The Only Thing Oakland and Alameda County Officials Have to Fear is Fear Itself

Monday night, I listened to Oakland A’s President Dave Kaval, Pacific Merchant Shipping Association VP and General Counsel Mike Jacob, and African American Sports and Entertainment Group Founder Ray Bobbitt take turns talking about the future of the A’s, Howard Terminal and the Coliseum Complex on KALW’s State of the Bay. There was also a prerecorded message from Oakland City Council Member and Vice Mayor Rebecca Kaplan. All of this was moderated by Grace Won and Ethan Elkind.

A lot was said and, as usual, I have thoughts.

“A lot of the problems we have with the stadium, frankly aren’t with the stadium they are with the composite of additional uses that the A’s want to build on site. Why do you want to build 3,000 units of housing immediately next to and down wind from the largest and, frankly, potentially most disruptive part of our supply chain?” – Mike Jacob, VP and GC PMSA

I think we should start with a picture of Oakland’s Draft Downtown Specific Plan next to a quote from the episode of State of the Bay. We will come back to this, but this is a very important image when considering the arguments presented by Mike Jacob of the Pacific Merchant Shipping Association and that quote specifically.

Change is hard. Even incremental, small change. Massive change is more than hard, it is painful. This is what faces Oakland and Alameda County Officials, the decision between a sea change or the status quo.

They have an out. Specious as the arguments are, they can bend to fear and just keep things the way they are and finish the process of losing every sports team they have. I don’t particularly think sports teams, in and of themselves, are important to a City. I know plenty of people do and in that spirit it is important to note that this is Oakland’s last chance to keep a major sports franchise.

They can fool themselves and pretend that 18 WNBA games with an imaginary team somehow offsets the loss of the NFL, NBA and soon enough MLB. They can pretend that the NFL will find its way back to Oakland if only someone builds them a stadium on spec.

These are delusions. There will be no return of the NFL after what happened with the Raiders and within shouting distance of Levi’s Stadium. The WNBA is a different matter, but I have trouble believing that the NBA would not prefer the WNBA team play in San Francisco, or that the Warriors wouldn’t be able to wield influence and get 18 more dates at their arena booked before the league would think to put the team in Oakland.

Regardless, the WNBA won’t be an economic game changer for anyone and that is what this is all about. City Officials can see this for what it is, a nice to have and also use it as an excuse to overlook what could be at Howard Terminal by casting it as trading one sport for another.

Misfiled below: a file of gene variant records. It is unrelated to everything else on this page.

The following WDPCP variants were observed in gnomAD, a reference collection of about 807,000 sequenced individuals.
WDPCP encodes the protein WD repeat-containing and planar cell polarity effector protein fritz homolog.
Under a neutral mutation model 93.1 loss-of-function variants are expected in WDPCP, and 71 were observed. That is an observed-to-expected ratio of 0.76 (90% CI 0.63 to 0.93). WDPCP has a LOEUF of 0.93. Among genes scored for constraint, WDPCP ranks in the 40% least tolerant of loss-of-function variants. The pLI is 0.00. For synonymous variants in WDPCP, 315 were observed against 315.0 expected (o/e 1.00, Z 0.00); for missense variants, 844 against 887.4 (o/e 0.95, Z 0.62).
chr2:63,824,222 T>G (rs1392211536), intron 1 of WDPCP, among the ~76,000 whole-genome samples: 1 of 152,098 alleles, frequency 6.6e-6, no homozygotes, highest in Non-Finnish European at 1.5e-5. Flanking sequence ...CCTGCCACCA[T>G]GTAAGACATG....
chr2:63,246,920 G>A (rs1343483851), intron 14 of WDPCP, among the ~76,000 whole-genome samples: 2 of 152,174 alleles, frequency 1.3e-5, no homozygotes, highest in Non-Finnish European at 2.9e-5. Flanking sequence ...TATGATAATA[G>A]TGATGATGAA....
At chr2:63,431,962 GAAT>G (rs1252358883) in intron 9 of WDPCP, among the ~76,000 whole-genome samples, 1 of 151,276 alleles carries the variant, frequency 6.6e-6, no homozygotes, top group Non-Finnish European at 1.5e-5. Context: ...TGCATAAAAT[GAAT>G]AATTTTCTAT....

Or they can summon the courage it takes to make massive change happen and speed up their own plan with a ballpark anchored development that pushes the Downtown Specific Plan forward, like it did in Denver and San Francisco. They can create a hole in the donut to be filled like they did in Washington DC. In Denver, a 20 year development plan for Lodo was completed within 5 years as result of this strategy. The same could happen in Oakland.

The choice they should make could not be more clear. If you believe the image above, that this is what the City of Oakland wants to see for the future of Downtown, the choice should require very little courage, even if it will piss off a well heeled special interest group. An interest group that is using their position to block the A’s development and will continue to “jealously guard their assets” when the next development “downwind” from the Port is proposed. Ballpark or no.

This doesn’t require a crystal ball to see, just listen to State of the Bay. Those words in quotes are direct quotes. The arguments being made are about stopping housing from being built near the Port in favor of a parking lot that is unusable for unloading modern cargo ships.

The choice should not even be a choice. We are in the middle of a housing crisis. The PMSA admits no jobs are at risk anytime soon because 2% of the Port is converted from maritime to commercial use. It is classic fear mongering, regardless if that description offends Mr. Jacob.

The choice is housing v. moving a parking lot. The choice is courage vs. fear. The choice is Oakland v. ridiculous arguments from the Pacific Merchant Shipping Association.

The choice is not East vs. West Oakland. The choice is not Oakland vs. Las Vegas, especially if Oakland doesn’t want it to be. The choice is straight forward and I am tired of giving disingenuous arguments genuine consideration.

I sure hope Oakland City Council Members are too.


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